Badugi is a draw variant of poker. In draw variants, players may discard cards from their hand and replace them with cards from the deck. The draw typically occurs before each betting round and occurs three times in Badugi.

This unusual poker format does belong to the lowball poker variation where the so-called worst hand wins, however, it really falls into a category of its own.

The primary goal is to make the lowest hand possible and all in suits that are different. Quite a feat.

Here is the full breakdown.

Table of Contents

The Basics: Hand Values

The hand-rankings for Badugi are different from any other poker variant, although Badugi certainly falls into the category of a lowball variant of poker (worst hand wins).

The goal is to make the lowest possible hand all of different suits.

Aces are low in Badugi, and suited cards or paired cards do not count towards our hand (they work against us).

The best possible Badugi (the name is used interchangeably with “hand”) is A,2,3,4 all of different suits. This would be described as a “four high” Badugi.

Let’s see some additional examples–

  1. 8h 7c 6s 4d – This is an Eight-high Badugi (remember lower is better). The highest card is Eight, and all four cards are of different suits.
  2. Kh 7c 3s 2d – This is a King-high Badugi. Still decent, but not as strong as the Eight-high Badugi.
  3. Th 7s 5c 2c – This is not a four-cardBadugi. Unfortunately, the Five and the Deuce are of the same suit, so we can’t use them both. Naturally, we’ll use the lower of the two cards to create our hand, however. We hence have the Th, 7s, 2c for the three-card Ten-highBadugi. Note that a four-card Badugi will always beat a three-card Badugi regardless of the ranks involved. This hand hence loses against both the first two examples.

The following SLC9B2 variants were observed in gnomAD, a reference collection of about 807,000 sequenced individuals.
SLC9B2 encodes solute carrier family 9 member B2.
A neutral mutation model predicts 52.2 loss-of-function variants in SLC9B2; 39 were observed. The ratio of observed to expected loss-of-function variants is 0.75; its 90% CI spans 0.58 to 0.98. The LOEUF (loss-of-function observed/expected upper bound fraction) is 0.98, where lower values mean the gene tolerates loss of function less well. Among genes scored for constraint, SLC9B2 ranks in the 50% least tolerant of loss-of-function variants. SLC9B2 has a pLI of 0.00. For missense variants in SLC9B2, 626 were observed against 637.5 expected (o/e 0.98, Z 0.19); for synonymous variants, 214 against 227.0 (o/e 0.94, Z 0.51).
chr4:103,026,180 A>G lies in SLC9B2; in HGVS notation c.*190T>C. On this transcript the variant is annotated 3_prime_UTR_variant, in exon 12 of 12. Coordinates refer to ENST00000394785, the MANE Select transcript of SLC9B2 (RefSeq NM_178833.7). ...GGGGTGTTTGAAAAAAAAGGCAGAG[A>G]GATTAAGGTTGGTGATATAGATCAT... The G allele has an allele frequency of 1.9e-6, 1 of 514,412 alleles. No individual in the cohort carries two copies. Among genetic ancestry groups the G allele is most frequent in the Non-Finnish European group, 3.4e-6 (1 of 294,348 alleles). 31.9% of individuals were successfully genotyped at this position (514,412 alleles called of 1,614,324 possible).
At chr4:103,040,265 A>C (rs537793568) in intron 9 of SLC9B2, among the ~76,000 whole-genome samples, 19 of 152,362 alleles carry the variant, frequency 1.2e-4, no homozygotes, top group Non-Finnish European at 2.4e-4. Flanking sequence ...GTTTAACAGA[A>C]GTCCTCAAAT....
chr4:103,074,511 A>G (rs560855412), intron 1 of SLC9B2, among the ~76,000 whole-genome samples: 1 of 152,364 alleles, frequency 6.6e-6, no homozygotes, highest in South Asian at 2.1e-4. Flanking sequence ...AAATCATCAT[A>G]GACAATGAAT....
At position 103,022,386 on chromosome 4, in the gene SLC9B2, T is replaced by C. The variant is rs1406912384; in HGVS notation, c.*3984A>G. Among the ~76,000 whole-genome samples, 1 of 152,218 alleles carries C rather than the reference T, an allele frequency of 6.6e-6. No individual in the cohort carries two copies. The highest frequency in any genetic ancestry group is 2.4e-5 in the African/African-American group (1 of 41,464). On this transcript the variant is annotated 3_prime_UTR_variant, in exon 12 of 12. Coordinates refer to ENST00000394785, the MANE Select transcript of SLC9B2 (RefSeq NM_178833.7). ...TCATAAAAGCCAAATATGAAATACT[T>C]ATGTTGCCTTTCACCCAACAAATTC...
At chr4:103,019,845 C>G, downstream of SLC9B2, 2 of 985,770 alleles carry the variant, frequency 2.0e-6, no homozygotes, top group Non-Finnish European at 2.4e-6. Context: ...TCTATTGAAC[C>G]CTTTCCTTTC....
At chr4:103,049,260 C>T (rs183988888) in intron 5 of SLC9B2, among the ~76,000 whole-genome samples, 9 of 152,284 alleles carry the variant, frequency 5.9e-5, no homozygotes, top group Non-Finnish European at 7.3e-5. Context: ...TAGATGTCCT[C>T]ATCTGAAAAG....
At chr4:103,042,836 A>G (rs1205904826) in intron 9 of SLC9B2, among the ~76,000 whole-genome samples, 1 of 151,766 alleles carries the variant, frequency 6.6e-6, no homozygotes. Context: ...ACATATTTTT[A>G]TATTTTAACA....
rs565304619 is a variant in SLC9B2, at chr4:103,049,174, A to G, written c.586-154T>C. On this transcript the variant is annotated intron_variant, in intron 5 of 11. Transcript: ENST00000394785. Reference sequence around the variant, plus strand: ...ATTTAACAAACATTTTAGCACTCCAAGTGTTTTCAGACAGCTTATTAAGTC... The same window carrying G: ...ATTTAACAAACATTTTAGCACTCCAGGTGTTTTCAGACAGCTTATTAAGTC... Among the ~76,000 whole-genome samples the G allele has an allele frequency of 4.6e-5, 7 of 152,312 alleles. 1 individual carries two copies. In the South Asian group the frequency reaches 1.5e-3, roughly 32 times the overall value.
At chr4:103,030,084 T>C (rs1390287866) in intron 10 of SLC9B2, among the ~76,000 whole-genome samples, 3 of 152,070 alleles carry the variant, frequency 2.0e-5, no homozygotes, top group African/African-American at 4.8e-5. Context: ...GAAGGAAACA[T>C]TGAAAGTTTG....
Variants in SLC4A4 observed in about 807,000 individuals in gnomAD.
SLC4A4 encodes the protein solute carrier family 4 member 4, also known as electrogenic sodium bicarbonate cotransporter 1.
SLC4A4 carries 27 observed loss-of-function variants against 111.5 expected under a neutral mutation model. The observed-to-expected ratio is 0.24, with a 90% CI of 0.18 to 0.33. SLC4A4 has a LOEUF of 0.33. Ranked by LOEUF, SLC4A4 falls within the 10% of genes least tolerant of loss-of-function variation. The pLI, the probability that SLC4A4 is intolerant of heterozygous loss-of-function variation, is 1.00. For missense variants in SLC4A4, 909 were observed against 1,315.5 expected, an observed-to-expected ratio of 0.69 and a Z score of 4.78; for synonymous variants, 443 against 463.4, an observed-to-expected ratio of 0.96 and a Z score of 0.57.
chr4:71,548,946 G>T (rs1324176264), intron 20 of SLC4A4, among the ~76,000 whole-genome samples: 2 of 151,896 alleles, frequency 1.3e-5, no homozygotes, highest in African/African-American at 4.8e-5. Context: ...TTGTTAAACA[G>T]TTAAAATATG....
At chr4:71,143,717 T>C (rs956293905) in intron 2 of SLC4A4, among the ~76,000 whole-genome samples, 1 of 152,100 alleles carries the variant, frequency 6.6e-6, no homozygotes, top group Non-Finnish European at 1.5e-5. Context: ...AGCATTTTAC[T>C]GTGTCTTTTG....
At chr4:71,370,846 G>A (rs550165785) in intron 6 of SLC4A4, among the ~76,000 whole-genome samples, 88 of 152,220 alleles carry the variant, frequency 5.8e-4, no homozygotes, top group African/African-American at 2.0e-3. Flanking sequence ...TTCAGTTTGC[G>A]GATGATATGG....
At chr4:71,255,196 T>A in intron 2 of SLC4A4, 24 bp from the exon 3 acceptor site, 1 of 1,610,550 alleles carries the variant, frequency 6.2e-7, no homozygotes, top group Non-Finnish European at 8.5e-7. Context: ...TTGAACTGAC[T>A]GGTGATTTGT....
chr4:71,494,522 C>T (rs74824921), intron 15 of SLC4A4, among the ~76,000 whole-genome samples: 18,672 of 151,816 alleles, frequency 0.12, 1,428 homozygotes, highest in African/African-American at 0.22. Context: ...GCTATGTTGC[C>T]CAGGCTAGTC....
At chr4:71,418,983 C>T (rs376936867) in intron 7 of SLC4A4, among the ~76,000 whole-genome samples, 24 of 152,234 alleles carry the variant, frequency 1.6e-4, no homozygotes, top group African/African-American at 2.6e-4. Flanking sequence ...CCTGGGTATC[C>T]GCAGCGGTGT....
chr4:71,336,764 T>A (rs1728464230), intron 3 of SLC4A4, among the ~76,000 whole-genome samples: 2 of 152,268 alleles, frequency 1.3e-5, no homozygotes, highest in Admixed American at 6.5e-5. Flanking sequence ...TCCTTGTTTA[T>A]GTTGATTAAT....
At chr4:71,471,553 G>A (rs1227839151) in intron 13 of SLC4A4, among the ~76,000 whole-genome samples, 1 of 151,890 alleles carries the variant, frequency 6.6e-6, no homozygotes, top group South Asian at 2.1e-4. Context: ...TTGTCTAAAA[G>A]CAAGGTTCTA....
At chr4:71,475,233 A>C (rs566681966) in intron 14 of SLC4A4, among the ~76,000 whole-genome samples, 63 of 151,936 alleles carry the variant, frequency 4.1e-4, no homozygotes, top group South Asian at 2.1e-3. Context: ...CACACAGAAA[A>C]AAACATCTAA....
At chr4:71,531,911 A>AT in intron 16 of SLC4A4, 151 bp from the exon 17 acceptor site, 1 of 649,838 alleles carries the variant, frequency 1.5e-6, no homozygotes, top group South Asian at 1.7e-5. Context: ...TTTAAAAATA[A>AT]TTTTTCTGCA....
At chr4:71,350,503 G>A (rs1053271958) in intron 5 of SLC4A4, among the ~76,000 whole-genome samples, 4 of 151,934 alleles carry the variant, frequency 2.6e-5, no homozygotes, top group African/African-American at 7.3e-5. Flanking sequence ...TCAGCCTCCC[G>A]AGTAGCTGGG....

1. 4d 4h 2c 2s – At first glance, this hand might seem like a playable selection of low cards, but this holding is little more than trash in Badugi. Since we only have two cards of unique rank, we can only make a two-card Four-high Badugi.

The Badugi Basics: How to Make Hands

Making hands in draw variants is always extremely simple compared to other poker variants.

We need to make a four-card hand in Badugi, and we have exactly four cards in our hand at any given time.

Our complete hand is hence comprised of the exact four cards we have in front of us.


Before any cards are dealt, the blinds must be posted. The small blind and big blind are posted by the player directly to the left of the button, and the player two to the left of the button, respectively.

Badugi is identical to Hold’em and Omaha in this respect.


We no longer use terms such as “preflop” and “flop” when discussing draw games. The word “flop” implies community cards and draw variants don’t typically make use of any community cards.

There are 4 betting rounds in Badugi (3 drawing rounds), and we can use the terms “pre-draw” and “post-draw” to help us distinguish between them. (Post-draw referring to any betting round after the initial draw).

Each player is dealt 4 cards face down. The pre-draw betting round begins starting with the player to the left of the big blind and proceeds in a clockwise direction.

The Draw

Once all the pre-draw betting is complete, players now decide regarding which of their cards they would like to discard.

Players can discard any number of their hole cards, including all four. If players wish to keep their current selection of four cards, they have the option to “standpat” which means to draw nothing.